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Bascom Palmer Eye Institute

Vittorio Porciatti, D.Sc.

General Information

Vittorio Porciatti, D.Sc.

Research Subject

Prevention of Visual Dysfunction

Vision Science Focus

Visual Neurophysiology, Optic Neuropathies

Published Articles

Contact

Roles

Research Professor of Ophthalmology and Director and Vice Chairman of Research Faculty, Neuroscience Program and Biomedical Engineering Program

Summary

Death of retinal ganglion cells is the cause of blindness in glaucoma and in diseases of the optic nerve. The central idea of Dr. Porciatti’s research is that retinal ganglion cells undergo a stage of progressive dysfunction before dying. If neuronal dysfunction is detected early, then visual loss can be prevented and neural function restored. Dr. Porciatti’s laboratory uses non-invasive electrophysiologic and imaging techniques in human and mouse models to investigate how retinal ganglion cells become dysfunctional, how they become susceptible to stress, and how their function may be improved.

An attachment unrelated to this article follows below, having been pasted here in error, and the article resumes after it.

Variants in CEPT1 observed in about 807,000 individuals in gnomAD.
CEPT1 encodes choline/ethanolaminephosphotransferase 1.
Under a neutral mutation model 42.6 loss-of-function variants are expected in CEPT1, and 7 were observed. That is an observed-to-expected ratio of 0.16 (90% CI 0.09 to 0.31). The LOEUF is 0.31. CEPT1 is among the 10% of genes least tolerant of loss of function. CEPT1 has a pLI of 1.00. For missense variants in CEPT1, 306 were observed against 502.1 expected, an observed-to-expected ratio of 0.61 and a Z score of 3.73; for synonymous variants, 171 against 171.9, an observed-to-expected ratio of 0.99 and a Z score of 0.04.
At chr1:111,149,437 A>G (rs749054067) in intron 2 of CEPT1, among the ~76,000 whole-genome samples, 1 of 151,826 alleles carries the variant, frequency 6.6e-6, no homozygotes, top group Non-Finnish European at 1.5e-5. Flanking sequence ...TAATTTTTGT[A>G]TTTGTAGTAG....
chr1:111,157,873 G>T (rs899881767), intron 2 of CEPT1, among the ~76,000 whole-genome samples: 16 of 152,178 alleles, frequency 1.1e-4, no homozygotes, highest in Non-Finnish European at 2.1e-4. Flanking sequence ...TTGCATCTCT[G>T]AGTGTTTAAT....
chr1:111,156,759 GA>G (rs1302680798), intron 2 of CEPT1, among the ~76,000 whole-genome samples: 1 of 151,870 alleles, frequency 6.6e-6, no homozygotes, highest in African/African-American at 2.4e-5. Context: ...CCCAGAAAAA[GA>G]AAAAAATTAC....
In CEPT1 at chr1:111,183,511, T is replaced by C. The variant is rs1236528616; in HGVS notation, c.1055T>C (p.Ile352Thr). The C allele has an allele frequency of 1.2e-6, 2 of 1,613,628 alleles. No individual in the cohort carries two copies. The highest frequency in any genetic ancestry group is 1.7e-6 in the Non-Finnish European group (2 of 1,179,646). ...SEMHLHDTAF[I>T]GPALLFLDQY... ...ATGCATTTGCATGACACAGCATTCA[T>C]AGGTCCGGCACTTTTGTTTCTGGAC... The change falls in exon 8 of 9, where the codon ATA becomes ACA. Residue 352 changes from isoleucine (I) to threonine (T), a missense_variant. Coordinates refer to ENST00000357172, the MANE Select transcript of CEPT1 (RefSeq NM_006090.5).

Current Research

Reversible/preventable dysfunction in glaucoma.

The electrical activity of retinal ganglion cells (RGCs) can be recorded non-invasively by means of the pattern electroretinogram (PERG). We have optimized PERG methods for both human subjects and experimental mouse models. The PERG is used as a tool to detect the earliest dysfunction of RGCs in glaucoma and monitor its progression. The PERG is also used to understand whether RGC function is susceptible to artificial elevation of intraocular pressure (IOP) and/or retinal metabolism, and whether RGC dysfunction can be reversed with pharmacological treatment to delay the onset or prevent progression of the disease. For both, human patients and mouse models of glaucoma, electrophysiological analysis of RGC function is combined with imaging analysis of the retina (Optical Coherence Tomography, OCT) and IOP measurements to model structure-function relationships and dependence on stress factors. The susceptibility/reversibility of RGC function is also studied in mice with specific genotypes to understand the genetic predisposition to neuronal dysfunction and death.

Optical Coherence Tomography Diagram

The figure represents a model of energy processing by RGCs when they are activated by a strong visual stimulus (Porciatti and Ventura, Vision Research 2009, 49:505-513).